Dropping bilateral exercises in favor of unilateral training is an increasingly popular view-point among strength and conditioning professionals. Mike Boyle has even recommended dropping bilateral squatting entirely in favor of single leg work.
This is an interesting train of thought, and although I disagree that bilateral training should be completely removed there are some awesome benefits to single leg training. Being a former competitive athlete bilateral exercises like back squats have formed a major part of my training experience and are awesome for developing mental toughness, power, and pure strength.
Recently, I have struggled with some lower back issues which have limited my ability to do my favorite exercises: front squats, back squats, and deadlifts. Instead of battling through the exercises and making my injury worse I stepped back and devised a plan to substitute my bilateral exercises for unilateral exercises. I have been performing single leg squats, pistol squats, 1 legged deadlifts, step ups, and multiple lunge variations to comprise the majority of my lower body training.
Here are some common benefits to single leg training
- Better activation of the lateral sub system. These muscles are not activated during bilateral lifts, but are during single leg exercise due to increased stabilization requirements. These muscles include the gluteus medius, hip adductors, and quadrates lumborum.
- Because these muscles are used as stabilizers as they were designed, the exercise can be considered more “functional.” (For those who are looking to develop inner and outer thighs this is the best way, not the yes no machine)
- Increased balance from better stabilizer muscle activation
- Increased flexibility. Performing unilateral exercises can uncover some differences in flexibility and strength between different limbs. By working to minimize these differences we can potentially decrease injury risk and improve movement quality.
- Decreased lower back stress and spinal compression. Thus far my back has made great strides as I have been able to train my lower body without subjecting my spine to huge shear and compressive forces.
In Addition I have found noticed some less common benefits to single leg training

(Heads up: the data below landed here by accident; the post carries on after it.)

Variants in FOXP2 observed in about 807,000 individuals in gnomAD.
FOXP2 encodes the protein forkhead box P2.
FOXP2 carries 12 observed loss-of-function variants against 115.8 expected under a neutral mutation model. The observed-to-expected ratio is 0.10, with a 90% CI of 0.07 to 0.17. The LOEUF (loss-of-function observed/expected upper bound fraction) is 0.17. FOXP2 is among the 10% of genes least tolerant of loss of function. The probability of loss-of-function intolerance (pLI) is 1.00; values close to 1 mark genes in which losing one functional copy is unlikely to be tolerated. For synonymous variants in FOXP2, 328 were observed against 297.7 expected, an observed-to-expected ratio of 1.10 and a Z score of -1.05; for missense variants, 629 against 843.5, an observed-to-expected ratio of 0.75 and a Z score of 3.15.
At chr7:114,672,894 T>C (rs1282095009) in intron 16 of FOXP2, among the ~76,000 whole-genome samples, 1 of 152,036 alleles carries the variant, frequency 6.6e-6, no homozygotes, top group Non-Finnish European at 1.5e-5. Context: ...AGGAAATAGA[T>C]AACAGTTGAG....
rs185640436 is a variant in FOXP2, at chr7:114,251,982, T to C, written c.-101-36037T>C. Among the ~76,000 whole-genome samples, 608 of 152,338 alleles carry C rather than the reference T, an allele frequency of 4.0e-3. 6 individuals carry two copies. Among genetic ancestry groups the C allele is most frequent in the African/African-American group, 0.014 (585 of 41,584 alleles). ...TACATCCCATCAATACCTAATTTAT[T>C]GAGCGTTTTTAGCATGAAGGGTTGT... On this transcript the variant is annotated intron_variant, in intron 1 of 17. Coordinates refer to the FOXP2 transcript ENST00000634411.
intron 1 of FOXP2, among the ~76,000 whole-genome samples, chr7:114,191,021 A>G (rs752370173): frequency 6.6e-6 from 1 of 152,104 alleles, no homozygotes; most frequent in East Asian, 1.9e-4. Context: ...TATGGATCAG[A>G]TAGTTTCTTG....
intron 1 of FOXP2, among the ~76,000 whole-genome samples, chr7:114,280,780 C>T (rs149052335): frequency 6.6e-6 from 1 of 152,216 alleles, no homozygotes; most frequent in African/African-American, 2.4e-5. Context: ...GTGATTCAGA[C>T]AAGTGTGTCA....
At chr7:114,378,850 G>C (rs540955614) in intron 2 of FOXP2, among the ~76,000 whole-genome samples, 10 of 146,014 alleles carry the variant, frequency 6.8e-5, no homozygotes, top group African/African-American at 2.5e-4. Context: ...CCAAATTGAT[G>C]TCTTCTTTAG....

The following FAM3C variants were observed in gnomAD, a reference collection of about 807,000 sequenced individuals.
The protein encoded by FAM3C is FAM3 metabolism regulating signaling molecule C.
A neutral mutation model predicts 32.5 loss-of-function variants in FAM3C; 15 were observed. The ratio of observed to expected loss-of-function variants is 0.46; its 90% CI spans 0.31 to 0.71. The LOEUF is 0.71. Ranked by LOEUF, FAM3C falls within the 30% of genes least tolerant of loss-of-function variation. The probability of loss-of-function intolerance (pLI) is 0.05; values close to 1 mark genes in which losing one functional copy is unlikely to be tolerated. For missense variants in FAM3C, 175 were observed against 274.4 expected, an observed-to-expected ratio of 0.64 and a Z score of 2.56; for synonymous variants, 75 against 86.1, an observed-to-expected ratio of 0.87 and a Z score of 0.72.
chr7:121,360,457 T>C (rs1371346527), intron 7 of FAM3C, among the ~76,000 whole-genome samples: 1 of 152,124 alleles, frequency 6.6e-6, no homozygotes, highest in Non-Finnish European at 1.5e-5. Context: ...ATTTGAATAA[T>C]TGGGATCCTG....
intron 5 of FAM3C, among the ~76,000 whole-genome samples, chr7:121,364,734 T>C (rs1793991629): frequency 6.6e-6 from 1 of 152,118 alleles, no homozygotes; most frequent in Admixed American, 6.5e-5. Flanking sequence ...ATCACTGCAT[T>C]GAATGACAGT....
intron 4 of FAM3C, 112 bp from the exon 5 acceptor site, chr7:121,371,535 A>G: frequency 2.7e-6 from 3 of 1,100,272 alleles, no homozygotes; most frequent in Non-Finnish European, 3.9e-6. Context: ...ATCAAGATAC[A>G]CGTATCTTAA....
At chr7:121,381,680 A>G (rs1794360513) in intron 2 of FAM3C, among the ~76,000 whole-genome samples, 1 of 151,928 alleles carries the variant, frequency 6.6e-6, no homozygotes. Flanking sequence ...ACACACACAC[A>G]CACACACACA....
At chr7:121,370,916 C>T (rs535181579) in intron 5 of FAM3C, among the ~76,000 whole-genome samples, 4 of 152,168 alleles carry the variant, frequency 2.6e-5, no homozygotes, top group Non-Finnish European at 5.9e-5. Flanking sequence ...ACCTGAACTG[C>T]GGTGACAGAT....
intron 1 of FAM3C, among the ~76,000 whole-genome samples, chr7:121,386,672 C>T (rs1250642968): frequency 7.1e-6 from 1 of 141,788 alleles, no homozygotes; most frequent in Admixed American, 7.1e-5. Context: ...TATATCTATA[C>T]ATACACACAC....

- Increased forearm size and strength. Try high rep step ups, split squats, or dumbbell lunges. Your grip will be absolutely destroyed
- Decreased systemic fatigue. Heavy lifting as I have done in the past is extremely taxing on the nervous system. With single leg training I am forced to use less weight as only 1 limb is doing most of the work. With this decrease in fatigue I have been able to increase my training frequency, resulting in a greater overall training stimuli.
- Increased stimulation to the upper body, specifically the traps, rhomboids, lats, QL, and erector muscles. Due to increased time under tension while keeping a tall chest and tight back the muscles that help serve this functions while controlling the weight
- Increased pain tolerance. By this I mean good pain! Try busting out sets of 15-20 rep front foot elevated split squats….they……are…..brutal.
n a perfect world I would still be performing bilateral exercises to start my lower body workouts, but would comprise most, if not all the accessory work to be single leg variations.
To add some single leg training into your routines stick with deadlift variation such as a 1 leg romainian deadlift, a lunge/step up variation, and an un-supported squat such as a single leg squat to a box for moderate/high reps between 5-20.
This post is not meant to disregard bilateral training and classic exercises such as the squat or deadlift, but to share my experiences and some potential benefits to adding single leg training into your regimen. It is always best to work around injuries, rather than through aches and pains or stopping training in its entirety.